The God Who Knows the End of Your Singleness
by Carolyn McCulley
The 12-year-old boy strode across the conference stage with complete assurance, oozing the precocious seriousness of youth that can strike adults as charmingly amusing. But any patronizing thoughts present were soon squashed as 3,000 adults heard the evangelistic heartbeat of God in the words of the young speaker. After giving his testimony of being adopted from a Romanian orphanage by his American parents and his subsequent adoption into the family of God when he trusted Jesus for his salvation, Gabriel Spiro outlined his hopes for his future.
“Since becoming a Christian, I’ve had the dream to attend the PDI Pastors College,” he said to spontaneous, thunderous applause. “I feel like God has called me to be trained and equipped so that I can go and help the poor people and the orphans that are still living in Romania. My desire is to start a PDI church there in Romania. I thank God that He has brought me to my family and to Covenant Life Church—my extended family. I pray that by His grace I’ll be able to be trained in character in order to fulfill the calling of God.”
Watching from the back row that steamy May evening, I gave silent thanks to God for the plans He has for singles and families alike. Eight years earlier, a single woman from my church had wrestled with God as He called her to overlook her own desires for marriage and children in order to serve a good friend during an international adoption process by traveling with her to Romania. “What would I gain?!” Charlotte Ennis recalls. “I’d have to spend my own money, put myself at personal risk, and watch someone else return with children. I would return with ... nothing.”
Then 36, Charlotte was not certain that God did have marriage and a family in her future. It certainly had been a long wait and her hope was waning. She had no idea that she was facilitating the adoption of a child whose presence would be a blessing to many more than his own family. She had no idea that this little boy would develop a strong passion for the local church before he even hit his teens, and that he would be a regular and fruitful part of his church’s evangelism ministry. She had no idea that one day this little boy would speak to a gathering of churches about their collective mission and be the highlight of the evening. Nor did Charlotte know that on the same evening Gabriel spoke, she would be married—a gift from God to her at age 39—and the mother of several children.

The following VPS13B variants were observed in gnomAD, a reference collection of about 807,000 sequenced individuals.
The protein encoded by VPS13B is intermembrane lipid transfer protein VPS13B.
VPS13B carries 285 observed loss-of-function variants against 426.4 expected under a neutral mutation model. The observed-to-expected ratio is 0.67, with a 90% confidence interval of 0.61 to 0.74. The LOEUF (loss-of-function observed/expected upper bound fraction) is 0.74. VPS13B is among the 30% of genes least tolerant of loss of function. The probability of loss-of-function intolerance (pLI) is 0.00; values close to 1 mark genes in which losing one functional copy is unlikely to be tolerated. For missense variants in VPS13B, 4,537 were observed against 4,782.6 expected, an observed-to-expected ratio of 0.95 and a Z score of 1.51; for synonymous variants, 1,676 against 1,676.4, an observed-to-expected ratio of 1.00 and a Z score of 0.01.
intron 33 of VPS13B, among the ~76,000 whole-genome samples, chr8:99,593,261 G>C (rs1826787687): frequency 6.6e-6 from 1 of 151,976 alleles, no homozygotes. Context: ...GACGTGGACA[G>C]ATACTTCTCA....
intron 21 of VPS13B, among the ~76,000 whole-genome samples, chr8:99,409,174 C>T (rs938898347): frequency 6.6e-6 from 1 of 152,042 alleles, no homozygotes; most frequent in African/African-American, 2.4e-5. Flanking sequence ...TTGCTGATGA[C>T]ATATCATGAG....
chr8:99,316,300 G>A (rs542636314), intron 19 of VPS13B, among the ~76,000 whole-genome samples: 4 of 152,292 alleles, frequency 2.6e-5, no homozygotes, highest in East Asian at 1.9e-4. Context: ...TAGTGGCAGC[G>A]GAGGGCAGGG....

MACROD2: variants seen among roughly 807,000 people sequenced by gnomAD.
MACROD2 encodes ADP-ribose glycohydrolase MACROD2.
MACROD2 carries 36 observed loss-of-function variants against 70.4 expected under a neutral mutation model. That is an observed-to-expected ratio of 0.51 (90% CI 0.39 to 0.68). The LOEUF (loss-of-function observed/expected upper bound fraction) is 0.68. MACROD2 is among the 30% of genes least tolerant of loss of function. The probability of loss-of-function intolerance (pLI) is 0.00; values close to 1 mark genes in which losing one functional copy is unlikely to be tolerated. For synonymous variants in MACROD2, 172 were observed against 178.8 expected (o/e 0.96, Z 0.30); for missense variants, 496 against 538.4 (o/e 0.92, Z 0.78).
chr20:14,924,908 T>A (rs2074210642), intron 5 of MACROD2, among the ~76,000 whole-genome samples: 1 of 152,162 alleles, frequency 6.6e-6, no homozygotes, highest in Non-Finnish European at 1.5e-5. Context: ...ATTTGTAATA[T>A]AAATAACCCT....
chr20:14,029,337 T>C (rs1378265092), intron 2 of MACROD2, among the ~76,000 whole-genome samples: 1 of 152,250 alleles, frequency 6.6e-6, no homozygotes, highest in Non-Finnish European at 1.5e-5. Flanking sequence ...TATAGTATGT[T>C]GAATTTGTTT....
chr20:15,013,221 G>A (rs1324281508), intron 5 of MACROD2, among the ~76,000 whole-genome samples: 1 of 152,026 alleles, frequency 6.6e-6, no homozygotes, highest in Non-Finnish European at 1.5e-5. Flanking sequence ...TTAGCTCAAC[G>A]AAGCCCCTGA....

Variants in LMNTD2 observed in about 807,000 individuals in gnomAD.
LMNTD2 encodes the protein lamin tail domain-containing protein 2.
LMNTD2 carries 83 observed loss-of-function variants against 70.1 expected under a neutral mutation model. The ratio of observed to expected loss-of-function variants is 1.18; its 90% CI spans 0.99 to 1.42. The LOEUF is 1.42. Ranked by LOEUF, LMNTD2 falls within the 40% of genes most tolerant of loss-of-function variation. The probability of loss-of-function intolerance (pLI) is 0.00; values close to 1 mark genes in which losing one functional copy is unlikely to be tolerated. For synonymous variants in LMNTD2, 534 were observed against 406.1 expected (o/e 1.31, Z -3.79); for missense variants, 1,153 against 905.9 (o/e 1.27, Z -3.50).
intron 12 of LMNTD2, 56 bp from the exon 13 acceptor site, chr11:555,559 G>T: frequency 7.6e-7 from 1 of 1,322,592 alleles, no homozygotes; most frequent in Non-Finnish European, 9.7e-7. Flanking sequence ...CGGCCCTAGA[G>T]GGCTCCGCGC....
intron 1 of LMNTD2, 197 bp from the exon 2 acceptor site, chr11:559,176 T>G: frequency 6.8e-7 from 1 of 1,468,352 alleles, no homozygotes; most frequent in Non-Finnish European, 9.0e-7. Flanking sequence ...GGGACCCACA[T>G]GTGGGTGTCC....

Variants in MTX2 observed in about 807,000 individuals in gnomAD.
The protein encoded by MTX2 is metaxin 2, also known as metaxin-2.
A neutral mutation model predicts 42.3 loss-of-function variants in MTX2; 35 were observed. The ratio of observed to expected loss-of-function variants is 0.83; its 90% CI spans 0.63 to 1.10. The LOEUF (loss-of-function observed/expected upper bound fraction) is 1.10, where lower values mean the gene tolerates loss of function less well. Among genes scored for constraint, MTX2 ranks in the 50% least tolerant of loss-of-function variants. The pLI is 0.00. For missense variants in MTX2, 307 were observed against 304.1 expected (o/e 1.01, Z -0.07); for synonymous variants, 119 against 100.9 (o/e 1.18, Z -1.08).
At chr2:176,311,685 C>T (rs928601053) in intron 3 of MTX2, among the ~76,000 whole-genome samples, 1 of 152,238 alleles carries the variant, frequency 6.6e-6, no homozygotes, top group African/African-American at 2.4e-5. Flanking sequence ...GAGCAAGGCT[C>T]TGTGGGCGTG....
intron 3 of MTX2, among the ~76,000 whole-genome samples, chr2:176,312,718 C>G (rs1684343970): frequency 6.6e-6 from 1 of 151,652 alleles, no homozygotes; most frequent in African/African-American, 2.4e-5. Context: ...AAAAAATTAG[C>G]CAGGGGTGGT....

But the One who “makes known the end from the beginning” (Isaiah 46:10) knew all of this, and it was His perfect plan that had been operating all along.
Moments like these are glimpses of the Lord’s sovereignty in action and treasures to be stored up in the hearts of single women especially. Only occasionally do we have the privilege of seeing so clearly how “in all things God works for the good of those who love him, who have been called according to His purpose” (Romans 8:28). We should cherish and retell those evidences of God's grace to encourage and strengthen each other. Our Lord is not a random God: His plan includes blessing us but also making us a blessing to others.
I didn’t know Charlotte when she was single, but I do remember reading her testimony in our ministry magazine, one that was written just weeks prior to her wedding. At the time, I was 32, a fairly new Christian, and to be unflatteringly honest, horrified at the prospect of having to wait until 39 to be married. Now I am 37, a little less arrogant (hopefully), and grateful for Charlotte’s example. Last year in my church, a woman got married for the first time at 43. That pushed Charlotte’s benchmark out of the way and gave me six more years to hope, so to speak.